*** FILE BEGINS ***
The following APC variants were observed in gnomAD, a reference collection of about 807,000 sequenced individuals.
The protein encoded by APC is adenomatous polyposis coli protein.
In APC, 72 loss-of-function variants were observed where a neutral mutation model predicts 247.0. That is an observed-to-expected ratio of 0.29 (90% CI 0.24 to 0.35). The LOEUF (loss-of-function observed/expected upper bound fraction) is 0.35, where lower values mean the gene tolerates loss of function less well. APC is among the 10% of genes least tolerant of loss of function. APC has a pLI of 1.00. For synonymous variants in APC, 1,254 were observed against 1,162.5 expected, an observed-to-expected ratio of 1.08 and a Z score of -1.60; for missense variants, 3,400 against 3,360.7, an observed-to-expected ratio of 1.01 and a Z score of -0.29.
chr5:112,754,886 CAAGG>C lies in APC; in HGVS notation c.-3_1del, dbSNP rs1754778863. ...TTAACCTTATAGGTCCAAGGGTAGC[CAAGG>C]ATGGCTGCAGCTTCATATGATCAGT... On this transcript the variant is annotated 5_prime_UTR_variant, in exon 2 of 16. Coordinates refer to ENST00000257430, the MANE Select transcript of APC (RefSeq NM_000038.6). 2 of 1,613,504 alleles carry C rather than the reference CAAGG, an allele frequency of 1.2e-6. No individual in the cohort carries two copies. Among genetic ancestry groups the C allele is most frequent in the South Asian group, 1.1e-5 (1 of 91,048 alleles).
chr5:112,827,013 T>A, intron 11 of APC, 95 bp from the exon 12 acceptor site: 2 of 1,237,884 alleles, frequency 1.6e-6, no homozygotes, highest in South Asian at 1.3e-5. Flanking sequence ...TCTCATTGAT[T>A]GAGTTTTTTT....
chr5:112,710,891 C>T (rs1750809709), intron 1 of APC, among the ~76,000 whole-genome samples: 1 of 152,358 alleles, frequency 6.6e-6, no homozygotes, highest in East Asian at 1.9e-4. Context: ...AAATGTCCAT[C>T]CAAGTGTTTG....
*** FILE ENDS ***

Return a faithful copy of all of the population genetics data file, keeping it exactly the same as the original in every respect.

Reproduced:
The following APC variants were observed in gnomAD, a reference collection of about 807,000 sequenced individuals.
The protein encoded by APC is adenomatous polyposis coli protein.
In APC, 72 loss-of-function variants were observed where a neutral mutation model predicts 247.0. That is an observed-to-expected ratio of 0.29 (90% CI 0.24 to 0.35). The LOEUF (loss-of-function observed/expected upper bound fraction) is 0.35, where lower values mean the gene tolerates loss of function less well. APC is among the 10% of genes least tolerant of loss of function. APC has a pLI of 1.00. For synonymous variants in APC, 1,254 were observed against 1,162.5 expected, an observed-to-expected ratio of 1.08 and a Z score of -1.60; for missense variants, 3,400 against 3,360.7, an observed-to-expected ratio of 1.01 and a Z score of -0.29.
chr5:112,754,886 CAAGG>C lies in APC; in HGVS notation c.-3_1del, dbSNP rs1754778863. ...TTAACCTTATAGGTCCAAGGGTAGC[CAAGG>C]ATGGCTGCAGCTTCATATGATCAGT... On this transcript the variant is annotated 5_prime_UTR_variant, in exon 2 of 16. Coordinates refer to ENST00000257430, the MANE Select transcript of APC (RefSeq NM_000038.6). 2 of 1,613,504 alleles carry C rather than the reference CAAGG, an allele frequency of 1.2e-6. No individual in the cohort carries two copies. Among genetic ancestry groups the C allele is most frequent in the South Asian group, 1.1e-5 (1 of 91,048 alleles).
chr5:112,827,013 T>A, intron 11 of APC, 95 bp from the exon 12 acceptor site: 2 of 1,237,884 alleles, frequency 1.6e-6, no homozygotes, highest in South Asian at 1.3e-5. Flanking sequence ...TCTCATTGAT[T>A]GAGTTTTTTT....
chr5:112,710,891 C>T (rs1750809709), intron 1 of APC, among the ~76,000 whole-genome samples: 1 of 152,358 alleles, frequency 6.6e-6, no homozygotes, highest in East Asian at 1.9e-4. Context: ...AAATGTCCAT[C>T]CAAGTGTTTG....